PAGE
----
Professor Herald Haas Talks to Indian Government about Benefits of Li-Fi Enabled Solar Panels

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Li-Fi inventor Professor Herald Haas from University of Edinburgh, UK has been trying to convince the Indian government about the advantages of using Li-Fi integrated solar panels, according to a recent LiveMint report.

For smart solar panel projects, the professor’s team has been working on the receiver side to assist users in acquiring an off-the-shelf solar panel that can become a multifunctional device that can harvests energy and also work as a data receiver for Li-Fi signals, said Haas. Integrating the two technologies could help rural communities in India become connected to the Internet via solar panels, and could propel the South Asian country’s path to becoming Digital India.

In the interview, Haas also spoke about several developments in Li-Fi enabled lighting that the company was working on. His company Pure Li-Fi has been in talks with lighting brands about incorporating Li-Fi technology into lighting devices, and is currently working on several pilot projects in buildings and offices.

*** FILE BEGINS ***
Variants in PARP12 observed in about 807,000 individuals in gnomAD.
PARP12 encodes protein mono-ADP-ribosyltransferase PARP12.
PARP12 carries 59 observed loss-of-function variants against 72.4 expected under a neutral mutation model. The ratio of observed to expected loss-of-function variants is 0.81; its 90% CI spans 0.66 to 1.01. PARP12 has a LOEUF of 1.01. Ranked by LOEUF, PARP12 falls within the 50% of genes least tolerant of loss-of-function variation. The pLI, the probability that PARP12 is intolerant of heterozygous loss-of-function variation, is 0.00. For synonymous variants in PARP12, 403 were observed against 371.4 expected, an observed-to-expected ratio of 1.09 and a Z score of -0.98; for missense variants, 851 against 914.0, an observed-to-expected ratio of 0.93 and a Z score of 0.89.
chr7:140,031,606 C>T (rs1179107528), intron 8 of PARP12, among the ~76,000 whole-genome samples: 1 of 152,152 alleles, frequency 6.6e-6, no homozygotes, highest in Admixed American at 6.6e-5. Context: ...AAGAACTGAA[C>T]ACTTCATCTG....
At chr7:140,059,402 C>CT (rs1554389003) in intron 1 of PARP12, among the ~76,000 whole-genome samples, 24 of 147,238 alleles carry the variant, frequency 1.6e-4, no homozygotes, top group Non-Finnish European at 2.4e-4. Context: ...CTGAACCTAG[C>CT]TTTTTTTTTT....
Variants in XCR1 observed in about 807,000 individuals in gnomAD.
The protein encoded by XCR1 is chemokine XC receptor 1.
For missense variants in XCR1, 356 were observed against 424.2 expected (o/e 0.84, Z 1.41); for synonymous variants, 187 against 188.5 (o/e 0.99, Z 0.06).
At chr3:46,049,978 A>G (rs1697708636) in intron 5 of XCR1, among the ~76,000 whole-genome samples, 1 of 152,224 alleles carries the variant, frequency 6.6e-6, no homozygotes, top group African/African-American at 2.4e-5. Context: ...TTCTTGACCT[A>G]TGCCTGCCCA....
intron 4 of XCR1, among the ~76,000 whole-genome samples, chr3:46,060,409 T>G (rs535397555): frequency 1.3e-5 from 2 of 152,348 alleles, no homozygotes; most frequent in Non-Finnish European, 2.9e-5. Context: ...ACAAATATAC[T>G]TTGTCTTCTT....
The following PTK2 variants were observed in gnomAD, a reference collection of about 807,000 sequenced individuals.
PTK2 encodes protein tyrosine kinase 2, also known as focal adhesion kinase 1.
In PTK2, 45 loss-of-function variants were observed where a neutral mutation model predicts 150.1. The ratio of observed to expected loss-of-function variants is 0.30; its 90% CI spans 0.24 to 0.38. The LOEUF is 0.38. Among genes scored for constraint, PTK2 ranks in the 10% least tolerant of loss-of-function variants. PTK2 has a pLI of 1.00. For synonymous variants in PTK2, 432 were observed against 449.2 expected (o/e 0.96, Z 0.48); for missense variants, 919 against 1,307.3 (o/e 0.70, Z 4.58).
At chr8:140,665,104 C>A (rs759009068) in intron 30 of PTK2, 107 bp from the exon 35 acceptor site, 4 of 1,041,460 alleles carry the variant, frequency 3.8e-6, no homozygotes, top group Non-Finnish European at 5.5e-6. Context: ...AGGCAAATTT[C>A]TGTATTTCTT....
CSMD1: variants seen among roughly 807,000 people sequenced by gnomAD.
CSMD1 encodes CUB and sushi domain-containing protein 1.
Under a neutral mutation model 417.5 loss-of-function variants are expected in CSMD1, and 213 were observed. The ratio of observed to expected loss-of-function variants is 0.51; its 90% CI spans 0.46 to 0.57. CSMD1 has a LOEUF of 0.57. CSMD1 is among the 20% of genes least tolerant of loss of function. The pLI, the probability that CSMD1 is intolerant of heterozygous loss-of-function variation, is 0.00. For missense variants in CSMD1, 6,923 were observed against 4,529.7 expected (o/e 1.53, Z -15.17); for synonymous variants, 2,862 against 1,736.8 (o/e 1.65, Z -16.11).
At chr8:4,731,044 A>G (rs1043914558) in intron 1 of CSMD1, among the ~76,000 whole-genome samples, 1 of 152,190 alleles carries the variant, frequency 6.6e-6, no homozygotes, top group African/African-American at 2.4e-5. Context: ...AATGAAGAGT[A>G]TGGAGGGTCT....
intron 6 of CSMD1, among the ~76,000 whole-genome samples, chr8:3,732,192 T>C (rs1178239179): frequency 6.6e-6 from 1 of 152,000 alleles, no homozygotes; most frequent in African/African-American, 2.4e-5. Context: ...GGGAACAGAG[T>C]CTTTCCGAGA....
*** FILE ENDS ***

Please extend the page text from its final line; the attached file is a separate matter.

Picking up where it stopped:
Pure Li-Fi has developed two methods for turning the ordinary off the shelf LED bulb into a high speed Internet connection portal. While both methods require the usage of additional microchips, the way it is implemented is slightly different. In the first method the company offers an additional Li-Fi box device that is connected to the LED bulb, and the second option offered is directly embedding the Li-Fi microchip into the bulb. According to Haas there are no compatibility issues at the moment, since the microchip can work with any brand or type of LED bulbs.

There has also been some improvement in the data transmission rate, with certain LEDs capable of achieving 100 gigabits (GB) per second. Normal LEDs sold by retailers, though that use a phosphorous coating have a lower transmission speed of 100 MB per second from a single bulb, said Haas.

Although, Li-Fi technology is still unable to penetrate walls and be used in different rooms there are certain advantages. Haas noted data could be contained within the room, and it would be more difficult to eavesdrop or transmit data to an adjacent room. Quite ideal for managing confidential data. Objects obstructing the light beams are also no longer a big issue, as long as reflected light is adequate enough to reach the Li-Fi device, said Haas.

For more details about how Haas started off in Li-Fi research and business, please see the Livemint article.

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